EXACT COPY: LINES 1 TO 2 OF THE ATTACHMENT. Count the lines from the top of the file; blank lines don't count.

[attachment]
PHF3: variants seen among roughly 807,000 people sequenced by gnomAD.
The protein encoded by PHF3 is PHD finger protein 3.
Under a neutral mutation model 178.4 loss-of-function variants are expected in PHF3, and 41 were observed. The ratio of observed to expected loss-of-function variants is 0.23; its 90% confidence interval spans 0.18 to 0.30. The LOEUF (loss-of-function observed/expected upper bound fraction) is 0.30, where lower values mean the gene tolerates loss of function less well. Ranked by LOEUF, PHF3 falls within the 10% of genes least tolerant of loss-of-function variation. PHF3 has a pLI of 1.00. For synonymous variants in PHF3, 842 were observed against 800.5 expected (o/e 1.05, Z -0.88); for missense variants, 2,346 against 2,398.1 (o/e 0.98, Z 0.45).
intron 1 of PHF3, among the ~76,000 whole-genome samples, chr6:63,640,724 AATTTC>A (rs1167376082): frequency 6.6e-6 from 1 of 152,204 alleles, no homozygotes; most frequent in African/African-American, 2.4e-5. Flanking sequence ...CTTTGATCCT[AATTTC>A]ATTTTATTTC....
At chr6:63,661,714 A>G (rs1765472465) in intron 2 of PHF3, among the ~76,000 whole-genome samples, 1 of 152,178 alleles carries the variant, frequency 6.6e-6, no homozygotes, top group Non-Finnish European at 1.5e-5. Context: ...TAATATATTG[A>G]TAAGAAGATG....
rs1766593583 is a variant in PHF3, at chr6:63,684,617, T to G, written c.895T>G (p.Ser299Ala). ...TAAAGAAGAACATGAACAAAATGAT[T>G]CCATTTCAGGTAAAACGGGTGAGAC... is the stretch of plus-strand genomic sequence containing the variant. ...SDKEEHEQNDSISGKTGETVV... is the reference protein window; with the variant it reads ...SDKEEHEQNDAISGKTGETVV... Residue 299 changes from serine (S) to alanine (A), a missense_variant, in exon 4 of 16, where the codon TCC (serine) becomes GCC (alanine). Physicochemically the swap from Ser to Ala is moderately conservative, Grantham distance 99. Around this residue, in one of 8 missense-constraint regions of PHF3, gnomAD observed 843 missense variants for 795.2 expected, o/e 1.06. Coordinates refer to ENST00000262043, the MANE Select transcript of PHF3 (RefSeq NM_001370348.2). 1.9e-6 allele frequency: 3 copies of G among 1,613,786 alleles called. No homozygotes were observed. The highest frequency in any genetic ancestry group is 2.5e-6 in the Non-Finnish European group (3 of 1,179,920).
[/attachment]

PHF3: variants seen among roughly 807,000 people sequenced by gnomAD.
The protein encoded by PHF3 is PHD finger protein 3.